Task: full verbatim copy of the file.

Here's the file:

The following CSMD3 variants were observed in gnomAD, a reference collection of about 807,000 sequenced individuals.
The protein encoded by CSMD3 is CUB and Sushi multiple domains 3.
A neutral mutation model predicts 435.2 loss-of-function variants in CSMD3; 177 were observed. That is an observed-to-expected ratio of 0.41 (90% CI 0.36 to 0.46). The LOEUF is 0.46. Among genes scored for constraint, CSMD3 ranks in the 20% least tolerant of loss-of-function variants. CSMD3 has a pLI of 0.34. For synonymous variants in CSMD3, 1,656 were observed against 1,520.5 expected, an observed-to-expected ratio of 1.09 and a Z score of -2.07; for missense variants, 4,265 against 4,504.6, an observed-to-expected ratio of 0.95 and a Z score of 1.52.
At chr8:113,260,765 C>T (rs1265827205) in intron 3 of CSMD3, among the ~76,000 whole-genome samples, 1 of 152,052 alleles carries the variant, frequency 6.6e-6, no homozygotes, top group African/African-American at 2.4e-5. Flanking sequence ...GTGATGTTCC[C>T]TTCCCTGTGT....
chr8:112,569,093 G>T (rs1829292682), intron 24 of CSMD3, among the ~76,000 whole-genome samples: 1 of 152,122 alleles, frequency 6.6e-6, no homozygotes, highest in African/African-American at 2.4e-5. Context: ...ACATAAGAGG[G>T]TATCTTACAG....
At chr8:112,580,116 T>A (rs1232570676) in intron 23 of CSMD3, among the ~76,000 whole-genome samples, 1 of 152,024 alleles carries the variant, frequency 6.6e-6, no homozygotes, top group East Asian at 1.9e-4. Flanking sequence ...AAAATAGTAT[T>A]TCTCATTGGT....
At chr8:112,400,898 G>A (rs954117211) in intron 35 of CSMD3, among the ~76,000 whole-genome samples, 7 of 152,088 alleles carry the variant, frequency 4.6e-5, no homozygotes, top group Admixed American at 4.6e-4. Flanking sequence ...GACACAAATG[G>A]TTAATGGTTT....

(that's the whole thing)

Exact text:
The following CSMD3 variants were observed in gnomAD, a reference collection of about 807,000 sequenced individuals.
The protein encoded by CSMD3 is CUB and Sushi multiple domains 3.
A neutral mutation model predicts 435.2 loss-of-function variants in CSMD3; 177 were observed. That is an observed-to-expected ratio of 0.41 (90% CI 0.36 to 0.46). The LOEUF is 0.46. Among genes scored for constraint, CSMD3 ranks in the 20% least tolerant of loss-of-function variants. CSMD3 has a pLI of 0.34. For synonymous variants in CSMD3, 1,656 were observed against 1,520.5 expected, an observed-to-expected ratio of 1.09 and a Z score of -2.07; for missense variants, 4,265 against 4,504.6, an observed-to-expected ratio of 0.95 and a Z score of 1.52.
At chr8:113,260,765 C>T (rs1265827205) in intron 3 of CSMD3, among the ~76,000 whole-genome samples, 1 of 152,052 alleles carries the variant, frequency 6.6e-6, no homozygotes, top group African/African-American at 2.4e-5. Flanking sequence ...GTGATGTTCC[C>T]TTCCCTGTGT....
chr8:112,569,093 G>T (rs1829292682), intron 24 of CSMD3, among the ~76,000 whole-genome samples: 1 of 152,122 alleles, frequency 6.6e-6, no homozygotes, highest in African/African-American at 2.4e-5. Context: ...ACATAAGAGG[G>T]TATCTTACAG....
At chr8:112,580,116 T>A (rs1232570676) in intron 23 of CSMD3, among the ~76,000 whole-genome samples, 1 of 152,024 alleles carries the variant, frequency 6.6e-6, no homozygotes, top group East Asian at 1.9e-4. Flanking sequence ...AAAATAGTAT[T>A]TCTCATTGGT....
At chr8:112,400,898 G>A (rs954117211) in intron 35 of CSMD3, among the ~76,000 whole-genome samples, 7 of 152,088 alleles carry the variant, frequency 4.6e-5, no homozygotes, top group Admixed American at 4.6e-4. Flanking sequence ...GACACAAATG[G>A]TTAATGGTTT....